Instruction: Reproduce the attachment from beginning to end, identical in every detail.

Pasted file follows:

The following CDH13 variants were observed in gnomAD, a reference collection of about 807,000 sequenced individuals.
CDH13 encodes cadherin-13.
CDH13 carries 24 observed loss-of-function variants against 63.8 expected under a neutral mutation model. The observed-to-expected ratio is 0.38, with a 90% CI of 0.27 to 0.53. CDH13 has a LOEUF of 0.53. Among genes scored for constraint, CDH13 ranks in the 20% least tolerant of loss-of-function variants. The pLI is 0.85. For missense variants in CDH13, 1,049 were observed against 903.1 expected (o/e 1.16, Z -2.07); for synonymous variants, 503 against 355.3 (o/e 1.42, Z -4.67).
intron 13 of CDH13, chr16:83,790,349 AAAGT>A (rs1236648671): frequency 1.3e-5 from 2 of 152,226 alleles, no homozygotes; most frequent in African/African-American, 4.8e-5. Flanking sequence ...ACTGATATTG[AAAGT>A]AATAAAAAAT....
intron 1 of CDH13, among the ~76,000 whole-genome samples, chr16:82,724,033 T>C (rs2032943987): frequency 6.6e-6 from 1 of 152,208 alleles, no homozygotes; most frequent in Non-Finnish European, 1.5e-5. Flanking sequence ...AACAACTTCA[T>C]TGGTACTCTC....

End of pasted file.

The following CDH13 variants were observed in gnomAD, a reference collection of about 807,000 sequenced individuals.
CDH13 encodes cadherin-13.
CDH13 carries 24 observed loss-of-function variants against 63.8 expected under a neutral mutation model. The observed-to-expected ratio is 0.38, with a 90% CI of 0.27 to 0.53. CDH13 has a LOEUF of 0.53. Among genes scored for constraint, CDH13 ranks in the 20% least tolerant of loss-of-function variants. The pLI is 0.85. For missense variants in CDH13, 1,049 were observed against 903.1 expected (o/e 1.16, Z -2.07); for synonymous variants, 503 against 355.3 (o/e 1.42, Z -4.67).
intron 13 of CDH13, chr16:83,790,349 AAAGT>A (rs1236648671): frequency 1.3e-5 from 2 of 152,226 alleles, no homozygotes; most frequent in African/African-American, 4.8e-5. Flanking sequence ...ACTGATATTG[AAAGT>A]AATAAAAAAT....
intron 1 of CDH13, among the ~76,000 whole-genome samples, chr16:82,724,033 T>C (rs2032943987): frequency 6.6e-6 from 1 of 152,208 alleles, no homozygotes; most frequent in Non-Finnish European, 1.5e-5. Flanking sequence ...AACAACTTCA[T>C]TGGTACTCTC....